The importance of the frontier militias (FC) is also highlighted. “Their training and equipment fits them for rapid movement over the roughest ground, and they are of great value for long raids into tribal territory by night or day, for ambushes, and for patrolling the bigger hills outside the piquets of a column. Khassadars should be regarded with respect and suspicion. If their own tribe is not in the fighting and they have not been intimidated by another they can be of great use in bringing in information.”
General Skeen was quite sceptical about air power and noted that “any tribe that has the will to resist will never be coerced by air action alone.” The British were very careful about collateral damage through air bombing and had instituted a system of dropping leaflets before bombing any built up areas. We need to be as sensitive as the British since the objective is not to destroy the tribe, but to put them in a more conducive frame of mind to negotiate with the political authorities. http://www.nation.com.pk/pakistan-news-newspaper-daily-english-online/Opinions/Columns/18-May-2010/Tribal-fighting-in-NWFP
May 18, 2010 No Comments
One hears that the government is currently pondering the amount of extra time General Kayani should be given as head of the army. Should it be one, two or three years?
If life were fair, the prime minister, a gaddi-nashin, would have been making a living interceding with God on behalf of devotees. Nevertheless, Mr Gilani will need his special nexus with God to get the government out of the deep hole in which it finds itself as the seemingly inevitable clash with the judiciary draws nearer. To be fair to Mr Gilani, he would prefer not to be a part of the fracas, it being entirely a matter concerning Mr Zardari, but he has no option. As he said some time ago, “We swim or sink together.”
The Swiss cases are not the only cause of friction between the government and the judiciary. If, or rather, when the Supreme Court finds out about the amount of commission, the extent of advance payment and other details of the rental power projects (RPPs), of which it has taken suo motu notice, there will be hell to pay. The ethos of the Supreme Court is very different from that of Mr Zardari. Actually, there is a vast divergence between them on just about every issue, including their respective takes on right and wrong and what is permissible or reasonable and what is not. In brief, their perspectives are antithetical and a rupture, therefore, appears very likely.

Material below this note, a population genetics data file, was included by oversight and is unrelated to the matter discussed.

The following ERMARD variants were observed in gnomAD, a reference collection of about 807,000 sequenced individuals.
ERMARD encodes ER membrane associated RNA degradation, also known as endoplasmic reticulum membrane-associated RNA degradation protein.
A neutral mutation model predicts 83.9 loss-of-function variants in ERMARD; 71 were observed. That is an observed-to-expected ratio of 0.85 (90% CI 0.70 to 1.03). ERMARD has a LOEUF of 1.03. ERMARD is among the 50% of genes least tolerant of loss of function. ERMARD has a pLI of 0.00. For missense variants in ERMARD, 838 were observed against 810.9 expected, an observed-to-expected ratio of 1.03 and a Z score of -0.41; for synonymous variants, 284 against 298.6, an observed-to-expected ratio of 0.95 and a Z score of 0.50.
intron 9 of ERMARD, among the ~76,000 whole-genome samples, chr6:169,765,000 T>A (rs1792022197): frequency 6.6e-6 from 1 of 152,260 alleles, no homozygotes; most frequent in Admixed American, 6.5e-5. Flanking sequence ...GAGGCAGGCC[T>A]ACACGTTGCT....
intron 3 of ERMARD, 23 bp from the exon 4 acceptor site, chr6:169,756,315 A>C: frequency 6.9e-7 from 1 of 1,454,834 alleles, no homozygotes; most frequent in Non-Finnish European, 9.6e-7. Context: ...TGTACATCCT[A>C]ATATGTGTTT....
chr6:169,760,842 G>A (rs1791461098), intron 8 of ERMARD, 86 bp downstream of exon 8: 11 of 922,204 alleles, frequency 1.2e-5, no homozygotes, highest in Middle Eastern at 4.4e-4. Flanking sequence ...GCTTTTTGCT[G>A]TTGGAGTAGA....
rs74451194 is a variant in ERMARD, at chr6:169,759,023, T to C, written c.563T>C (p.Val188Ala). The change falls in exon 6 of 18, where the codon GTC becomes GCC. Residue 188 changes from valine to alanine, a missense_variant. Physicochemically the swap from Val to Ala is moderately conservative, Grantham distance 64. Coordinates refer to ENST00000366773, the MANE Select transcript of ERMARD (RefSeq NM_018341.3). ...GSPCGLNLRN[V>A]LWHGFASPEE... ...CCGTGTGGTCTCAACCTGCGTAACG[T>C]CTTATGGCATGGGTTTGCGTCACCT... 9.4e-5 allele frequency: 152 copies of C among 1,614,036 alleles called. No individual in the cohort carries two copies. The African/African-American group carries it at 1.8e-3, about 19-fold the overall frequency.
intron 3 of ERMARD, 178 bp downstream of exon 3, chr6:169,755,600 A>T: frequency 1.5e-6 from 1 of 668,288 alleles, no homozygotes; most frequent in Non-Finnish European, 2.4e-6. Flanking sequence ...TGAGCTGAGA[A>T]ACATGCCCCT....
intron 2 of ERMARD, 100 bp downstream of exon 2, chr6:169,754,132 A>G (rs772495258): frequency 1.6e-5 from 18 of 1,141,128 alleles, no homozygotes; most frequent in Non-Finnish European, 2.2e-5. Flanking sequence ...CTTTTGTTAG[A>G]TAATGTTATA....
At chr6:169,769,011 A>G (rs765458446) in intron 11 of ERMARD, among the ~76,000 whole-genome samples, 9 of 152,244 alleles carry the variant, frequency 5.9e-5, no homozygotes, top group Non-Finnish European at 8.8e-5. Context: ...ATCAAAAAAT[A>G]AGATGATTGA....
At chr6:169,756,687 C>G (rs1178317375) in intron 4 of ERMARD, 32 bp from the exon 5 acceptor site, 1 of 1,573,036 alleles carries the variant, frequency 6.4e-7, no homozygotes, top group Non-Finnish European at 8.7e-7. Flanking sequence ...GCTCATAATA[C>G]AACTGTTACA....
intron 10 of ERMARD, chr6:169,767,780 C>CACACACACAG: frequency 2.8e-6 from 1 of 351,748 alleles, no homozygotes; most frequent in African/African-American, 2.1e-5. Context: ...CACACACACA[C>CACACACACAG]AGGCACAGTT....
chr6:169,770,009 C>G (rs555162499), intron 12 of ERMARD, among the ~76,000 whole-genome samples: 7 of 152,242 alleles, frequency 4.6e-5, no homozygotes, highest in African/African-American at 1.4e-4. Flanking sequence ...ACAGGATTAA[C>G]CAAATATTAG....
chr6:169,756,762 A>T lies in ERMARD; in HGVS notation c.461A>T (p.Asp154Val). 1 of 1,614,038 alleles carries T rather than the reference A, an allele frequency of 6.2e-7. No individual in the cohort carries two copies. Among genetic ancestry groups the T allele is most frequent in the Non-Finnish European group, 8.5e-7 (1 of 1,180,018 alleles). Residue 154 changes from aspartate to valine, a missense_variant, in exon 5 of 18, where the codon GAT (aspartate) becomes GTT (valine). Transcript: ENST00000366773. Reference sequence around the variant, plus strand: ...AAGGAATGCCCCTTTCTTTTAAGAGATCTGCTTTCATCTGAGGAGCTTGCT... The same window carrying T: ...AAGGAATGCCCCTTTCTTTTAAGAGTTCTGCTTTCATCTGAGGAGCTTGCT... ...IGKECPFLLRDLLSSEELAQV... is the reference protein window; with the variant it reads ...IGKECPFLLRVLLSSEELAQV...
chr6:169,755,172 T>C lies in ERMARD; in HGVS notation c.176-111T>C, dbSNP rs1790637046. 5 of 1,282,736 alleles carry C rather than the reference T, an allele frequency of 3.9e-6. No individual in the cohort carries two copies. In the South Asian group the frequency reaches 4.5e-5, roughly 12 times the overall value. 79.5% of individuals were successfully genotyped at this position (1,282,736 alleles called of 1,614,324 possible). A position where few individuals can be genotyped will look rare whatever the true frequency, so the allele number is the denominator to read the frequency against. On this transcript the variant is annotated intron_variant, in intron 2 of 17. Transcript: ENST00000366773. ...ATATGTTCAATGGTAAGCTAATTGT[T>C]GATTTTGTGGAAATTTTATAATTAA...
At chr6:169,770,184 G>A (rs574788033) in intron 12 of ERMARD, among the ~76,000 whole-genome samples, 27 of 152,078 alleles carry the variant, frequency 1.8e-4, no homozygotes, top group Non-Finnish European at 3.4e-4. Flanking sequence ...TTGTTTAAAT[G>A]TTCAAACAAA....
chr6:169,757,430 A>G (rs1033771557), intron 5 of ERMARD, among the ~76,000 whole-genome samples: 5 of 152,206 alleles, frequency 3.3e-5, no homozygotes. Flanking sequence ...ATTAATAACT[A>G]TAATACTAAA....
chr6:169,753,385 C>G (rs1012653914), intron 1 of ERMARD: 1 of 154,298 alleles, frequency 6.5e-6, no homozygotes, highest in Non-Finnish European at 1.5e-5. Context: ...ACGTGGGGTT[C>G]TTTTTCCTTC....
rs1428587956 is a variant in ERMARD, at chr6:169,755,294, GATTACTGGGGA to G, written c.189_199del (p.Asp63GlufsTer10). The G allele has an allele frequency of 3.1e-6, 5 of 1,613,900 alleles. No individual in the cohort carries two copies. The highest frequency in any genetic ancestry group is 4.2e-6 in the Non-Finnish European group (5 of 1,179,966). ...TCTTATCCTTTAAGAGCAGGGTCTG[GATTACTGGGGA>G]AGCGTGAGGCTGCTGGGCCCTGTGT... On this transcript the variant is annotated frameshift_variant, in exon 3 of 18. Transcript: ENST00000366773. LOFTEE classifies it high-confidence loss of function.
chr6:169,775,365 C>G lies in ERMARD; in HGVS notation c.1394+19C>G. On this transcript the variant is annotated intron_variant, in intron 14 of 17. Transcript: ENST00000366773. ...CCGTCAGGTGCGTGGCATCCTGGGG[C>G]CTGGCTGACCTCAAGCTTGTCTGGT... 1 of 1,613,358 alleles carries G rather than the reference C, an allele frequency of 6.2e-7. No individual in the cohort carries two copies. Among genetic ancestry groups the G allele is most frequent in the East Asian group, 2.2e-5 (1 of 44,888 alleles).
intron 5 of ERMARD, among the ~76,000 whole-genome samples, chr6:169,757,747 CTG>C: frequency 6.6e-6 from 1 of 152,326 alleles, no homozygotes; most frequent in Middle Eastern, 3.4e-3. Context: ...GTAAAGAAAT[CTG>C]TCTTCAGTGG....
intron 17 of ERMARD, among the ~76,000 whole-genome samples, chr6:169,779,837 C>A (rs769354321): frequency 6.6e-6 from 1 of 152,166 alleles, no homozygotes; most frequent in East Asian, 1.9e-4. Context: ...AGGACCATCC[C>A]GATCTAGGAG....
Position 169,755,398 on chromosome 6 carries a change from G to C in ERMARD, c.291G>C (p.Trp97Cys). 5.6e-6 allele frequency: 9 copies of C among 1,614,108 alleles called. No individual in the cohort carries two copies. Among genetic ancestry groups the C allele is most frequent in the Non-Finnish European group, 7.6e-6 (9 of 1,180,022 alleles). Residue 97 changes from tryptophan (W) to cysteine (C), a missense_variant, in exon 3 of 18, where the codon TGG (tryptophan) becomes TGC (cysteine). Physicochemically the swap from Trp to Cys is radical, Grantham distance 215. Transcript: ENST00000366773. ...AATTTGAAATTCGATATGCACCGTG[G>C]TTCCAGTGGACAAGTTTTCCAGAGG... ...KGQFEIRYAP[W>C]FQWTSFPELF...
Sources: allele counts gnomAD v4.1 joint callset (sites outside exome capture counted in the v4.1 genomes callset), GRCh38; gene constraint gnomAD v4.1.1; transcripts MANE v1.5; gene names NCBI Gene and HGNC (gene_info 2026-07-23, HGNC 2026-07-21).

Another development, which could impact negatively on the conduct of the war against the Taliban, is the question of General Kayani’s extension. That he should be given one is generally agreed by all, especially many of those who serve with him in the army. Ordinarily, extensions are considered unnecessary because no one is indispensable. However, that cliché has proved wrong by the absence of Benazir Bhutto and the presence of Mr Zardari in her stead.
One cogent reason for Kayani to remain is that, having been tasked to draw up the military’s response to the threat posed by the Taliban and India and to such Indian doctrines as ‘Cold Start’ and ‘Two-Front Wars’, it is only logical that he stays on to implement it. Thus far, Kayani’s operational plans have been successful far beyond expectations, although success against the Taliban has been marred by collateral damage to civilian property and lives, lack of a determined effort to resettle the displaced population and an inability to provide assured security to the inhabitants of the areas supposedly cleansed of the enemy. And although all that, the military says, is not its job, frankly no one buys such nice distinctions. There is no use clearing a field of weeds if nothing is made to grow on it. Whether the military feels aggrieved or not, it had better address these issues lest Kayani be equated with the victorious Protestant general whose troops caused such desolation and suffering that when he was removed many rejoiced.